|Creator:||Hamblin, Dora Jane (1920-1993)|
|Extent:||5.80 linear feet.|
|Repository:||Iowa Women's Archives|
|Summary:||Iowa native who wrote for the Cedar Rapids Gazette, LIFE magazine, and other periodicals.|
Alternate Extent Statement: One videocassette [V27].
Access: The papers are open for research.
Use: Copyright held by the donor has been transferred to The University of Iowa.
Acquisition: The papers (donor no. 144) were donated by Mary Ovrom in 1993.
Preferred Citation: Dora Jane Hamblin papers, Iowa Women's Archives, The University of Iowa Libraries, Iowa City.
|Repository:||Iowa Women's Archives|
|Address:||100 Main Library
University of Iowa Libraries
Iowa City, IA 52242
Dora Jane Hamblin was born June 15, 1920 in Bedford, Iowa. Her father was the editor and publisher of the Bedford Times-Press and Dora--"Dodie" to her friends--was encouraged by her parents and her teachers at Bedford High School to write. She attended Coe College in Cedar Rapids where she became editor of the Coe College Cosmos and a member of the Delta Delta Delta sorority. She graduated "magna cum laude" in 1941 and then attended Northwestern University in Evanston, Illinois, where she earned a master's degree from the university's Medill School of Journalism in 1942.
For the next two years she was employed as a reporter and photographer for the Cedar Rapids Gazette. In June of 1944 she resigned from the paper, joined the American Red Cross and served in Australia, the Phillippines, the Southwest Pacific, Japan, and Europe. During this period she continued to contribute articles to the Cedar Rapids Gazette about her experiences with the United States troops and the native populations she came in contact with. She was eventually named overseas staff correspondent for the Red Cross official publication, The Red Cross Courier, and contributed extensively to that publication.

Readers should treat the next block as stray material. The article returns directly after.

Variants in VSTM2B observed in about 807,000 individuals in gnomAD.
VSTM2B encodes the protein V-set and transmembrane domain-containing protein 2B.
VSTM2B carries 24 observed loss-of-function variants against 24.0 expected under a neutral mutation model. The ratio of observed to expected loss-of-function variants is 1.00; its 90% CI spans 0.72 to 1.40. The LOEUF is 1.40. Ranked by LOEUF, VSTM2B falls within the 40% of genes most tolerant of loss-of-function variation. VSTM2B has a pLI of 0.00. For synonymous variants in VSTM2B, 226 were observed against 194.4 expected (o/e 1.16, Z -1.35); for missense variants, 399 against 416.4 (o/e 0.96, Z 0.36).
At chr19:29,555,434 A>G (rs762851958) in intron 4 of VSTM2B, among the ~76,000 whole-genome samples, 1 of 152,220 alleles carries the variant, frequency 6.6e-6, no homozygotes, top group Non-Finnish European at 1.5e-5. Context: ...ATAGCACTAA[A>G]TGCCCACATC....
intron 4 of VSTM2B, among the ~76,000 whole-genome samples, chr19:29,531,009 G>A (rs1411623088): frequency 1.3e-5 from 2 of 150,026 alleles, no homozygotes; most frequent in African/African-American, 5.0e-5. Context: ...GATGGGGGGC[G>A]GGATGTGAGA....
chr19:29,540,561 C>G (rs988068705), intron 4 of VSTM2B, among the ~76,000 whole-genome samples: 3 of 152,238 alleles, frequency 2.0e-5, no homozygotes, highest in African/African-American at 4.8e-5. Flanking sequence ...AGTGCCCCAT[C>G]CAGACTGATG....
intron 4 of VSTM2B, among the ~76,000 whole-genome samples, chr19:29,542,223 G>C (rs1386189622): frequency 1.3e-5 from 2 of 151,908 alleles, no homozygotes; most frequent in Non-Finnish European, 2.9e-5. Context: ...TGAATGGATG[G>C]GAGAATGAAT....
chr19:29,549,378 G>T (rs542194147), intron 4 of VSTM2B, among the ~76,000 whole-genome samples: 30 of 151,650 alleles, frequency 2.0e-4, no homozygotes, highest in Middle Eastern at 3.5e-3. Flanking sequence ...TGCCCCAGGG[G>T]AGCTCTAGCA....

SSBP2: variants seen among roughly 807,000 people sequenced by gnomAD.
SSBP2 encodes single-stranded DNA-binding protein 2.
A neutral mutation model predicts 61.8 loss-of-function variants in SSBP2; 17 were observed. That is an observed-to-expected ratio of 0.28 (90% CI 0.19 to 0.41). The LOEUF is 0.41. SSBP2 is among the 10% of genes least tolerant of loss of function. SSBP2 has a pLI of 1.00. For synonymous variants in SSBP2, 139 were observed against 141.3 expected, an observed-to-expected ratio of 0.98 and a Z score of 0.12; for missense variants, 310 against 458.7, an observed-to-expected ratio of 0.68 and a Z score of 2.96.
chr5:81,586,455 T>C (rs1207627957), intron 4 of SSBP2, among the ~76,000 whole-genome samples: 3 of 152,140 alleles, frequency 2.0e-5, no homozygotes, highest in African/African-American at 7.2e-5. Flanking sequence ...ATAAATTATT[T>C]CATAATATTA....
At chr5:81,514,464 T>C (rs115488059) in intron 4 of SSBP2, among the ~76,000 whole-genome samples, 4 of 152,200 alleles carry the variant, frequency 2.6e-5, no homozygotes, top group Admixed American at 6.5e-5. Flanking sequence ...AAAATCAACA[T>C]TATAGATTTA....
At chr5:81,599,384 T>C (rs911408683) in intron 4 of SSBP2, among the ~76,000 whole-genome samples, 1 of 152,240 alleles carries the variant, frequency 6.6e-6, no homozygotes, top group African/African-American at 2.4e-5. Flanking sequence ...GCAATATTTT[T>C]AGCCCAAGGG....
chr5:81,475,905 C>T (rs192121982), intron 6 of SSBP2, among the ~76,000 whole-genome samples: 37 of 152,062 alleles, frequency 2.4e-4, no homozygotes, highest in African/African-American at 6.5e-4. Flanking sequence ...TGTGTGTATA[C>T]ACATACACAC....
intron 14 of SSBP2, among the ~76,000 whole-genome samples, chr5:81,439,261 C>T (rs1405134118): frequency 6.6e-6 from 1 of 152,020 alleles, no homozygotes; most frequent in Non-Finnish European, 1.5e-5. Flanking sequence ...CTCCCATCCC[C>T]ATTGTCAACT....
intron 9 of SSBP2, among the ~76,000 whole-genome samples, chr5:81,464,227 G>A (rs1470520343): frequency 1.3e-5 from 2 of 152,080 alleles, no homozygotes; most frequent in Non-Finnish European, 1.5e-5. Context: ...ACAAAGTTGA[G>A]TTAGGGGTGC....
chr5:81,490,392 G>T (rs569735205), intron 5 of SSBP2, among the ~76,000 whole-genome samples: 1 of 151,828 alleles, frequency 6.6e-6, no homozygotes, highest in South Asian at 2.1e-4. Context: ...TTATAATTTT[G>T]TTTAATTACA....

In mid-1948 Hamblin joined the staff of Life magazine in New York as a researcher. Within eighteen months she was named a correspondent in the Paris office. There followed two years as correspondent in London, two in Chicago, and four years, beginning in 1956, as chief of the Life bureau in Rome, Italy, where she directed Life's coverage of the death of Pope Pius XII, the election and coronation of Pope John XXIII, and the 1960 Olympic games.
In 1960 Hamblin was recalled to the New York office to serve as assistant editor, associate editor, and finally as staff writer, one of only three women ever to achieve that position on the magazine. From February 1967 until December 1969, she was stationed one-third of her time in Houston, Texas, to provide coverage of the space program and of the astronauts and their families for Life. She conducted interviews with all of the astronauts and did extensive research on technical details of this first manned moon flight. During this period she, along with Life's Gene Farmer, wrote First on the Moon (1970), an account of the first moon landing by Apollo 11. This work was officially approved by the three members of the crew, Neil Armstrong, Edwin (Buzz) Aldrin, and Michael Collins. It was also during this period of time that Hamblin was bestowed the honorary degree of Doctor of Literature by Coe College in Cedar Rapids.
In 1970 Hamblin resigned from the Life staff and retired to Trevignano, Italy, a lakeside resort near Rome, to live and work as a free lance writer. She continued to submit articles to Life until the magazine folded at the end of 1972. She also wrote on archaeological subjects for the Smithsonian as well as for Sports Illustrated and World. Several of her Life articles were reprinted in Readers Digest.
One of Hamblin's major interests was archaeology and she wrote several works on the subject: "Pots and Robbers" (1970), "Buried Cities and Ancient Treasures" (1973), and "The Appian Way, a Journey" (1974). She also wrote two volumes of the Time-Life Books series entitled "The Emergence of Man, namely The First Cities" (1973) and "The Etruscans" (1975), and wrote a section of the series' first volume, "Life Before Man" (1972).
During the years 1973 to 1975, Hamblin worked with stage and screen star Mary Martin and was, in effect, the "ghost-writer" of Martin's autobiography, My Heart Belongs, published in 1976. The year 1977 saw the publication of That Was the Life, Hamblin's collection of stories about the magazine she had worked for for twenty-three years.
Hamblin's active, far-ranging life came to an end August 17, 1993, when the writer and Iowa native died of a heart attack at her home in Trevignano, Italy. She was 73.
This collection is indexed under the following subject terms.